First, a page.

New Democrats are launching an offensive on incumbent Liberals who voted in favour of Bill C-51, the Conservative government's controversial anti-terror legislation.
The move was planned for Saturday because it marks exactly 51 days until election day.
According to The Toronto Star, NDP candidates will target dozens of ridings held by Liberals with brochures accusing Justin Trudeau and his team of failing to defend civil liberties — and failing to stand up to Stephen Harper.
The NDP's official Twitter account kicked things off with an aggressive jab at Trudeau Saturday.
NDP candidate Olivia Chow, who is in a tough race in Toronto's Spadina-Fort York against incumbent Liberal Adam Vaughan, released an ad online criticizing her Grit rival for voting for the legislation. Vaughan replaced Chow in a byelection last year after she resigned her seat to run unsuccessfully for mayor of Toronto.
The ad shows both Trudeau and Vaughan rising in the House of Commons to vote for Harper's "spy bill."
NDP candidate Jennifer Hollett, running against Liberal Chrystia Freeland in the riding of University-Rosedale, also spread the word on Twitter.
Chow and Hollett also released a joint statement online targeting Liberals. Hollett called C-51 a "defining moment" for leaders to show if they would stand up on their principles.
"You can't claim to be a progressive and support C-51," Chow said in the release.
Liberals vow to amend C-51, NDP vows to scrap it
With a majority government, Stephen Harper never needed Liberal votes to make C-51 the law of the land.
Trudeau said throughout the winter that his party would support the bill because there were elements of the legislation that would help keep Canadians safe. He vowed that Liberals would amend the law if they form government to, among other things, provide better oversight of national security agencies.
But at a speech at the University of British Columbia last March, Trudeau also hinted at the political calculations behind his decision, saying he did not want Tories to make "hay" on the campaign trail by projecting Liberals as soft on terrorism.
"This conversation might be different if we weren't months from an election campaign," he told the crowd.
Twenty-six Senate Liberals showed their independence from Trudeau by voting against the bill in June.
NDP Leader Thomas Mulcair opposed the bill from the start and has promised to repeal it if he becomes prime minister in October. He has said Harper "intimidated" Trudeau into supporting C-51.
Polling suggests public support for C-51 dropped radically over the winter and spring as more and more experts expressed concerns about the bill.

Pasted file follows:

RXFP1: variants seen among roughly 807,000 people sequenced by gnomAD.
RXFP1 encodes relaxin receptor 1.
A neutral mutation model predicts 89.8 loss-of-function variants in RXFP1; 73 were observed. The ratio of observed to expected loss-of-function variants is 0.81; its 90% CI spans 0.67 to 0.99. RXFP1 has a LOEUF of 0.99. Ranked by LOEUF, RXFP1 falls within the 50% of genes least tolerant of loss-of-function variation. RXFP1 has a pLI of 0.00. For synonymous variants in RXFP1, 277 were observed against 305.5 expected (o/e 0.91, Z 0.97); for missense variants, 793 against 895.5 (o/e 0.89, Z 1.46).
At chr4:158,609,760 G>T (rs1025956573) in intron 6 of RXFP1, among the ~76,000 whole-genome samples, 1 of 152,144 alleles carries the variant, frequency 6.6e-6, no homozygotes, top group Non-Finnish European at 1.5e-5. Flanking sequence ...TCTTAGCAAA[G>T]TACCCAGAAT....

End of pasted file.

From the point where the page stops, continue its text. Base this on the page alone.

Support for the Liberals also dropped during that time, but Grits have told The Huffington Post Canada they don't believe NDP attacks on the matter moved many votes.
NDP national campaign director Brad Lavigne told HuffPost this summer that C-51 was as much about leadership as it was about civil liberties.
"Mulcair opposed the bill because it was flawed, despite its initial popularity," he said. "Trudeau [supported] the bill because it was popular, despite its flaws."
Trudeau defended his decision during the first leaders' debate earlier this month, saying Liberals were able to push the government to make amendments. He said Liberals have always found the right balance between security and liberties.
But he also conceded it was perhaps "naïve" to believe his party could take a "responsible position" at a time of such divisive politics.
"Mr. Harper wants… everyone to be scared that there are terrorists hiding behind every leaf and rock," Trudeau said. "Mr. Mulcair wants us to be scared for our Charter [of Rights and Freedoms] and our basic rights and freedoms."
C-51 gives the Canadian Security Intelligence Service enhanced power to actively thwart terror plots, broadens no-fly list powers, and increases the exchange of federal security information. It also makes it a criminal offence to encourage someone to carry out an attack.
The bill also makes it easier for the RCMP to obtain a peace bond to restrict the movements of suspects and extend the amount of time they can be kept in preventative detention.
C-51 has been denounced by the federal privacy commissioner, the Canadian Bar Association, First Nations groups, environmental organizations, and civil libertarians.
With files from The Canadian Press, earlier files
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